Friday, May 26 • – 3
In the second half of the 20th century, phenomenological observations played a significant role in shaping our understanding of the face.
Emmanuel Levinas, among the early proponents, emphasized the face-to-face encounter as a means to challenge metaphysics and rethink ethics. Levinas argued that the face of the other is more than mere physiognomy and that, instead, it reveals a profound presence characterized by an inherent excess.
Jean-Luc Marion further developed this perspective, introducing the concept of the icon and exploring the intersection of aesthetics and theology. While early works focused on theology, Marion later associated the icon with the saturated phenomenon, highlighting its significance in phenomenology. Marion’s philosophy offers an opportunity to reevaluate the realm of pictorial representations, and provides a solid foundation for reinterpreting cinematic close-ups.
In my presentation, I analyze renowned auteur films, particularly those by Ingmar Bergman, Andrei Tarkovsky, and Béla Tarr. I examine how these films depict the face, capturing the excess mentioned by previous authors.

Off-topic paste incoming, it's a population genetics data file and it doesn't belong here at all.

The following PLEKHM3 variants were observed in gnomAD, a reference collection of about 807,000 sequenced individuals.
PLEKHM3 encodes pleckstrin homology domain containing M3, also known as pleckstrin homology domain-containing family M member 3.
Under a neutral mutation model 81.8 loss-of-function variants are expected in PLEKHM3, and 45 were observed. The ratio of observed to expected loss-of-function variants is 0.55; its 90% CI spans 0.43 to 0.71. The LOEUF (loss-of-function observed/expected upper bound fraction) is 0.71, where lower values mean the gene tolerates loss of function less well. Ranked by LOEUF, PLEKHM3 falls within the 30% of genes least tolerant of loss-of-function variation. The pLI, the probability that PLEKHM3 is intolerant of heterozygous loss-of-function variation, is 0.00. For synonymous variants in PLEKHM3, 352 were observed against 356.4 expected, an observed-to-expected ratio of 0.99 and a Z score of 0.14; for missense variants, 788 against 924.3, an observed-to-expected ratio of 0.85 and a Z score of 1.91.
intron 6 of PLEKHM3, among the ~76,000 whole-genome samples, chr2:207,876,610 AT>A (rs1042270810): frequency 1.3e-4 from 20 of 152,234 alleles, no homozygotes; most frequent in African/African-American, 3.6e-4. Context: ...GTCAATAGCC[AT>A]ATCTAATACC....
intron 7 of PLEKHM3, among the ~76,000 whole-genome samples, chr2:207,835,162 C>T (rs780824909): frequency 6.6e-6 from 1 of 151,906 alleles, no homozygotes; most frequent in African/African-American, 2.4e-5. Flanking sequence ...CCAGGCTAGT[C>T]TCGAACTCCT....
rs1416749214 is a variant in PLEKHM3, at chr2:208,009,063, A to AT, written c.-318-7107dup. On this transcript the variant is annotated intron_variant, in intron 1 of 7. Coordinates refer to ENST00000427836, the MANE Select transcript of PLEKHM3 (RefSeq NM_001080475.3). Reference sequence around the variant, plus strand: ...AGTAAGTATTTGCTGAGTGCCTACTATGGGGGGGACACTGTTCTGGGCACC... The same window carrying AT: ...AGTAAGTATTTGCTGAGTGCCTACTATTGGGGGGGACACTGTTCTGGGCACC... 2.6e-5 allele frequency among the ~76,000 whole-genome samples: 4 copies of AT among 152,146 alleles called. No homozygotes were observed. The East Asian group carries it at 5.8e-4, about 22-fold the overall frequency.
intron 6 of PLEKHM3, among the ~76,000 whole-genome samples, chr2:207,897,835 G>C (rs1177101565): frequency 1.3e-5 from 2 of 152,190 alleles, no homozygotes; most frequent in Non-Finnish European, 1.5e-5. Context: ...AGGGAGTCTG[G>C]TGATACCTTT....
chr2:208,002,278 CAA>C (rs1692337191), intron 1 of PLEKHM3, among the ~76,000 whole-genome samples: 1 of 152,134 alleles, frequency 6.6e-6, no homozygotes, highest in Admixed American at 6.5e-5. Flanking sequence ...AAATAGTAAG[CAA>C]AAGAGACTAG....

What does the face signify in terms of phenomenology and film? How does it transform into an icon? When does the excess become visible? Can we argue that these film representations are not solely concerned with replication? I seek answers in an art form often criticized for its representational nature and perceived imitation of reality.
Alexandra Okanovic is a PhD candidate in Philosophy at the University of Szeged in Hungary, where she received her MA degree in philosophy in 2019. Her research is focused on aesthetics, specifically the philosophy of Emmanuel Lévinas and Jean-Luc Marion.